Ryuichi Ikegami is one of the best-known artists in the manga community both in his homeland and the US. His photorealistic work is simply unmistakable; no one else draws characters like him. Because of the eye for detail and his own personal taste for violence and erotica (as he states in the back of some of his manga collections), most of the sagas he illustrates lean towards pulpy crime epics. The first piece of work that was brought stateside was the incredible Mai The Psychic Girl manga, which though action-packed was gentle and soft in comparison to the rest of his portfolio. At any rate, the one thing that nobody's done well is bringing Ikegami's legendary style to anime. Because the look is so crisp and detailed, any anime that copied his style exactly would cost millions. The anime of Crying Freeman, Ikegami's best-known work, was a disappointment; not only were the new character designs bad, but it was poorly animated in almost every respect, so even the well-crafted plot didn't help. But it turns out it wasn't the first time that a studio had attempted to make the transition; Kizuoibito was based on an early work of Ikegami's and came out in 1986, with sequels in following years. Kizuoibito is almost completely absent from the knowledge base of Western fandom, with only a few pages noting the seiyuu (vocal talent) who were involved. Once you see it, you can understand why it never became popular here--not only are the character designs only poor representations of Ikegami's style, but there's a severe wave of misogyny that would likely shock and stun some viewers. It's not completely terrible, but it's not one to seek out, either.
Kizuoibito follows a young journalist, Yuko, as she heads to South America to investigate stories of lost treasure and mafia dealings. Shortly after she arrives, she has a brutal encounter with Keisuke Ibarake, who is known as the "white-haired demon," when he attacks her cameraman and proceeds to assault her. However, there is some connection at a base level, and she is at once repulsed by and attracted to him. After a series of confrontations with the scarred prospector, she and her group realize that he may be their best chance at the promise of gold. When he leaves and they have to set out on their own, however, they become the prey of some ruthless types who have very different plans for them. Without the ruthless prospector's help, they appear doomed to a nasty fate indeed.
Kizuoibito is simply a woman's worst nightmare. Yuko is at first depicted as a strong heroine trained in the martial arts. However, when Ibarake appears on the scene, she becomes a rape victim instead. Although the film tries to justify this by attempting to show she was spellbound by him, that only goes to make it somehow more repugnant. This isn't the only time something like this happens, though; later on, she finds herself once again helpless in a gruesome ritual I won't bother to discuss further. There's no way to get around the simple fact that this is blatant misogyny. Although I haven't read Ikegami's manga of the story, there's enough misogyny in his other titles that it shouldn't be surprising, but it is still disturbing. The sensitive should stay far, far away.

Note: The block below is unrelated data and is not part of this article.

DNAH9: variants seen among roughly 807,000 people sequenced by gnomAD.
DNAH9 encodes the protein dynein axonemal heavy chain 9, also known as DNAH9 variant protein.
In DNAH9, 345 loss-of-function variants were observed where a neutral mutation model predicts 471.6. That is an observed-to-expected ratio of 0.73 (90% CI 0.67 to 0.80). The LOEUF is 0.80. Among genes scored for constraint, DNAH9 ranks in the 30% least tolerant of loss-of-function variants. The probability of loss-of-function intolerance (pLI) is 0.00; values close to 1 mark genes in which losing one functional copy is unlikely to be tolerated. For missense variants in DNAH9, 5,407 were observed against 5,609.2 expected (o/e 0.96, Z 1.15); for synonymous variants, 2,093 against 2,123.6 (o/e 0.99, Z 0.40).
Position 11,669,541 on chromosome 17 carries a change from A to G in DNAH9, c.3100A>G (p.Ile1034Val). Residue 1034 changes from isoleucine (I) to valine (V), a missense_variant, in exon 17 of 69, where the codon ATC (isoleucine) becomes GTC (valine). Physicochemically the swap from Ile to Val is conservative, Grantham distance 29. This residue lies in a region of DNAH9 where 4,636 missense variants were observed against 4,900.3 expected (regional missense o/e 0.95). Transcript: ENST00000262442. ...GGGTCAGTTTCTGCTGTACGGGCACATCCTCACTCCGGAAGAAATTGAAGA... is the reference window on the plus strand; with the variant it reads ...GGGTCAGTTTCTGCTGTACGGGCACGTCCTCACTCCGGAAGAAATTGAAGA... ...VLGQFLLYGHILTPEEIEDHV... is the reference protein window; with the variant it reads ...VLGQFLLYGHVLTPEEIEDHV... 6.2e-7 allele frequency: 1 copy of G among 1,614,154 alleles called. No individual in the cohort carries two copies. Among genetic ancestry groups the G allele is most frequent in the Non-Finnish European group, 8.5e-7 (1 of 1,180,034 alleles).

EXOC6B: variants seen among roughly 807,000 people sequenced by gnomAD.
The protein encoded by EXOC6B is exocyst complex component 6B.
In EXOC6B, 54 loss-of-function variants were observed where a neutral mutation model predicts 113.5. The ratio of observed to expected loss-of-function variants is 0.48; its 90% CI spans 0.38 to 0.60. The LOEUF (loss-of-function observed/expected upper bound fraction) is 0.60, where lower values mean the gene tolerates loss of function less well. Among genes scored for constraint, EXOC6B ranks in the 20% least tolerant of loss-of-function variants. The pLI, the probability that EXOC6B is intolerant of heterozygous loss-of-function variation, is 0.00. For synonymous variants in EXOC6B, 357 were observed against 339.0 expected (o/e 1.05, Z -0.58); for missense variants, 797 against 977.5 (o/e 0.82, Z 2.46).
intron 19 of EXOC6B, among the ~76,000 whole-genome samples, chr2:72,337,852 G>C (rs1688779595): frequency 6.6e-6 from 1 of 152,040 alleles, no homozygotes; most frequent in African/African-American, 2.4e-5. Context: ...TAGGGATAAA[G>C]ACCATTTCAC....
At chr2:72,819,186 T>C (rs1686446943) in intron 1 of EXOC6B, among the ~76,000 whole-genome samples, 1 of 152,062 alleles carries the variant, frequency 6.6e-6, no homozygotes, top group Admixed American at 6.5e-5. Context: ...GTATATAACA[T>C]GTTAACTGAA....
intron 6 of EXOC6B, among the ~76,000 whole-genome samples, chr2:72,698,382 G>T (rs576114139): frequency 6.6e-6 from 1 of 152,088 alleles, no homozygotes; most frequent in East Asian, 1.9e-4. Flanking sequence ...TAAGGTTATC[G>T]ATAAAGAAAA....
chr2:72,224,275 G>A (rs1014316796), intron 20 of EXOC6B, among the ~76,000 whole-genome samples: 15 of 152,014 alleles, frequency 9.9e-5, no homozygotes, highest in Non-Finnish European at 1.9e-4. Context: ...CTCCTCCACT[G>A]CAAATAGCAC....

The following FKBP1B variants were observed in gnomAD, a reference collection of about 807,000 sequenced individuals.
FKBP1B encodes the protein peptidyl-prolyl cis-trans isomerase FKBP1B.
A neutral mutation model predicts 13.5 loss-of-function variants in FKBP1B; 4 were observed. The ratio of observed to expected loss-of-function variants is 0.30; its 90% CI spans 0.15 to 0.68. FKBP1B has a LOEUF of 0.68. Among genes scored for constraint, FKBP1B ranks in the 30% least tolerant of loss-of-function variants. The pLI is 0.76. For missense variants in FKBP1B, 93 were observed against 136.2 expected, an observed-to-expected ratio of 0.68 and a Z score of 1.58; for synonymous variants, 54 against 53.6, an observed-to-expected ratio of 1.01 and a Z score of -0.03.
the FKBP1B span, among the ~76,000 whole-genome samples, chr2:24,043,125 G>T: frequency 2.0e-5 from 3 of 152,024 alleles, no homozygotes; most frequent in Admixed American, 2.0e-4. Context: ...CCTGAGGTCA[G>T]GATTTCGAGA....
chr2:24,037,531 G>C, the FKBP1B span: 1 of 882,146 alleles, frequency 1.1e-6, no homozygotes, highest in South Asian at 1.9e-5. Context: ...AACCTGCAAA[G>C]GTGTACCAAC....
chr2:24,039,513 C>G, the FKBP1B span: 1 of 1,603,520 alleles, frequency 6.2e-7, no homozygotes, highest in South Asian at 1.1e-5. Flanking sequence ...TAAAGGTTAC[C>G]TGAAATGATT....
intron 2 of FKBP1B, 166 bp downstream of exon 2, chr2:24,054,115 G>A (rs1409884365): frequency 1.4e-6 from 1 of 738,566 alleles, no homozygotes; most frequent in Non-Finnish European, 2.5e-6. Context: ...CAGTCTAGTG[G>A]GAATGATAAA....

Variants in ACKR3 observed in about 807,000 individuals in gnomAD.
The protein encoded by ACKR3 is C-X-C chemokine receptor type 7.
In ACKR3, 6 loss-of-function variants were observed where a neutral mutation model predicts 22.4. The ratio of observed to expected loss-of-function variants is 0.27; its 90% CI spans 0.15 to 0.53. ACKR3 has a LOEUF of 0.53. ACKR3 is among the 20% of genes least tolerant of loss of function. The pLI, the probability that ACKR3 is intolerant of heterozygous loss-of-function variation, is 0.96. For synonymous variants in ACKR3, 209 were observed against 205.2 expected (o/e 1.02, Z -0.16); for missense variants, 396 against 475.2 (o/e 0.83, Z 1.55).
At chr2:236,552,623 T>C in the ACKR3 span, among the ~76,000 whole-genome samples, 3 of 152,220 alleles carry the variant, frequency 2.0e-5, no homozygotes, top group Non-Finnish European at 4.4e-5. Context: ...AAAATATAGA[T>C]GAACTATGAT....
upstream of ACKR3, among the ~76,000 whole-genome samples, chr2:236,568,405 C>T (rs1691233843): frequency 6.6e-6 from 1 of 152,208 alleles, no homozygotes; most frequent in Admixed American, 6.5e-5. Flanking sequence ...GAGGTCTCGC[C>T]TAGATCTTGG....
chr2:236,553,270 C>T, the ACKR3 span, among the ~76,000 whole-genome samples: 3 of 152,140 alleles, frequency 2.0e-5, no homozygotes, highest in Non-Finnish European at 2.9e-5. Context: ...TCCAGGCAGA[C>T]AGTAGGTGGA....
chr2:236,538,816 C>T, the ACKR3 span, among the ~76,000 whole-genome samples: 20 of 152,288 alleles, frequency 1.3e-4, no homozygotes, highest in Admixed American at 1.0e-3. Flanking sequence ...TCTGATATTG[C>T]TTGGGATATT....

Really, most everybody else should too, because there's really not a whole lot going on here. There's some action, but it's not exciting; the romance is at best questionable; the story itself is difficult to fathom. If the animation were great, it might help, but it's weak. There's no element that makes this show stand out. If anything, it points to strengths in Crying Freeman. There are many similar plot points between the two, but whereas Kizuoibito is difficult at best to watch, Crying Freeman has a sympathetic hero and heroine that deserved a far better animated series than what they got. Perhaps they learned a few lessons from making this one...it's anybody's guess.
It would be difficult to find this show through any standard channels, and I really don't recommend you do. Even if you are a Ryuichi Ikegami fan, read some of his manga instead--the anime of Kizuoibito is just not worth the effort. I have seen worse anime, but why waste your time and money?
Editor's Note: Reminder to self: badly done sex and death sell in the US. A couple of years after the original publication of this review, I went into a Half Price Books that carries manga and started looking at their selection of titles from the publisher Comics One. Sure enough, the manga of Kizuoibito (which though prettier is just as grotesque as the anime) is now available in the United States under the title Wounded Man. You've been warned.
Kizuoibito -- strong sexual content (including rape), nudity, violence, profanity -- D